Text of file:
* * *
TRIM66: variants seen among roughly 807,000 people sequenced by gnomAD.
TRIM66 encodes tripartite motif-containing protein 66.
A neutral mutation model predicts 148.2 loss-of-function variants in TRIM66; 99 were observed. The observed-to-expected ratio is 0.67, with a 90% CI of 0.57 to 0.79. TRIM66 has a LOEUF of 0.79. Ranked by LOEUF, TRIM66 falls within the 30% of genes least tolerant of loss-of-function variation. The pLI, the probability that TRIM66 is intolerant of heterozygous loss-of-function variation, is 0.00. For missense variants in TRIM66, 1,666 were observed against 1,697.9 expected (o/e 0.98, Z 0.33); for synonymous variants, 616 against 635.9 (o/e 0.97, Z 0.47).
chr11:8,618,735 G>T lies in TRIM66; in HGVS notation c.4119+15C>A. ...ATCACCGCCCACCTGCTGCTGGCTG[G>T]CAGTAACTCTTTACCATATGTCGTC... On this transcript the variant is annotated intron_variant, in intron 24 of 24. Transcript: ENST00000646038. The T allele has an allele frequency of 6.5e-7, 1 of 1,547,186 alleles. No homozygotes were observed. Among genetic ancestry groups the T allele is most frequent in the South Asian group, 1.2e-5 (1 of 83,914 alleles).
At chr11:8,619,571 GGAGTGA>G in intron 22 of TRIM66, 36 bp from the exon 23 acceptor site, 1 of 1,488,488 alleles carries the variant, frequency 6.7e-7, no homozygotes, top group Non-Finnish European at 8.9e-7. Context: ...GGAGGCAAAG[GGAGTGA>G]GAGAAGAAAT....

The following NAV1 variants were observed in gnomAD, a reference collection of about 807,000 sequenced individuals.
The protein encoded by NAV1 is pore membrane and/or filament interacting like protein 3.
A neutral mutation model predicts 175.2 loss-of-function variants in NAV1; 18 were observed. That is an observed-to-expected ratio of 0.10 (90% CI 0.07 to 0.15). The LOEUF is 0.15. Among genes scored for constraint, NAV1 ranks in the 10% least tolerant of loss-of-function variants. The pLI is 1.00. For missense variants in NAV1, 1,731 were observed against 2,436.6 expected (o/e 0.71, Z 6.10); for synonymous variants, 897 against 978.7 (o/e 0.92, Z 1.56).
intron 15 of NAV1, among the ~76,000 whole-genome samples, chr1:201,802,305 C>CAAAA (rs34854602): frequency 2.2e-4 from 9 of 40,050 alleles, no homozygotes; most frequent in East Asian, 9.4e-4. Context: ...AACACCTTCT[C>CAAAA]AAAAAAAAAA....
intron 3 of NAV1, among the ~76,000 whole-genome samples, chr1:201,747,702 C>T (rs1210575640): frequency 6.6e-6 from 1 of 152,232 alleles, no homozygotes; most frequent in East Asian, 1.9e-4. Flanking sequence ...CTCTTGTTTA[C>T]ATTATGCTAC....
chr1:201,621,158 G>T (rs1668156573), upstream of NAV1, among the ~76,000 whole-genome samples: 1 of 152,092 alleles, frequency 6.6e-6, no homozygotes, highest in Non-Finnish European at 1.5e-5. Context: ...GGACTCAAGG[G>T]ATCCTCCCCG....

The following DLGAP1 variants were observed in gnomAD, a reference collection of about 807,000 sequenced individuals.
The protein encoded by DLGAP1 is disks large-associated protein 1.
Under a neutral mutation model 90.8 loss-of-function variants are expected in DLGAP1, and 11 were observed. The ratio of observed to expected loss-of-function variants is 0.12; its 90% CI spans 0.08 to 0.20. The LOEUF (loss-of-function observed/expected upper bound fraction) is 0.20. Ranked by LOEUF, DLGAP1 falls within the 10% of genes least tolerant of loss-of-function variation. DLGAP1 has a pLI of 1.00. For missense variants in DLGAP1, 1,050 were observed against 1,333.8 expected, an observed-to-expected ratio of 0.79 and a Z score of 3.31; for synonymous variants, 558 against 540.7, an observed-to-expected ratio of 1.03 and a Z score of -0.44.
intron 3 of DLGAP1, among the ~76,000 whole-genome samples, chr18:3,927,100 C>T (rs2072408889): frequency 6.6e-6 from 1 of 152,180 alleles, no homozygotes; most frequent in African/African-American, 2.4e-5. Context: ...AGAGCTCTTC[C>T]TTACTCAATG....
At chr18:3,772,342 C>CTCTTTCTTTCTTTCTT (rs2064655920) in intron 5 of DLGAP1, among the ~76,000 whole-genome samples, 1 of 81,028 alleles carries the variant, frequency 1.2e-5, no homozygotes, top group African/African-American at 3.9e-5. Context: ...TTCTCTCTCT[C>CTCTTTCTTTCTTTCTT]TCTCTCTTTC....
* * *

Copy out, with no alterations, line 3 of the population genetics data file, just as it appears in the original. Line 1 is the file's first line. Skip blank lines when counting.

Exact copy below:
A neutral mutation model predicts 148.2 loss-of-function variants in TRIM66; 99 were observed. The observed-to-expected ratio is 0.67, with a 90% CI of 0.57 to 0.79. TRIM66 has a LOEUF of 0.79. Ranked by LOEUF, TRIM66 falls within the 30% of genes least tolerant of loss-of-function variation. The pLI, the probability that TRIM66 is intolerant of heterozygous loss-of-function variation, is 0.00. For missense variants in TRIM66, 1,666 were observed against 1,697.9 expected (o/e 0.98, Z 0.33); for synonymous variants, 616 against 635.9 (o/e 0.97, Z 0.47).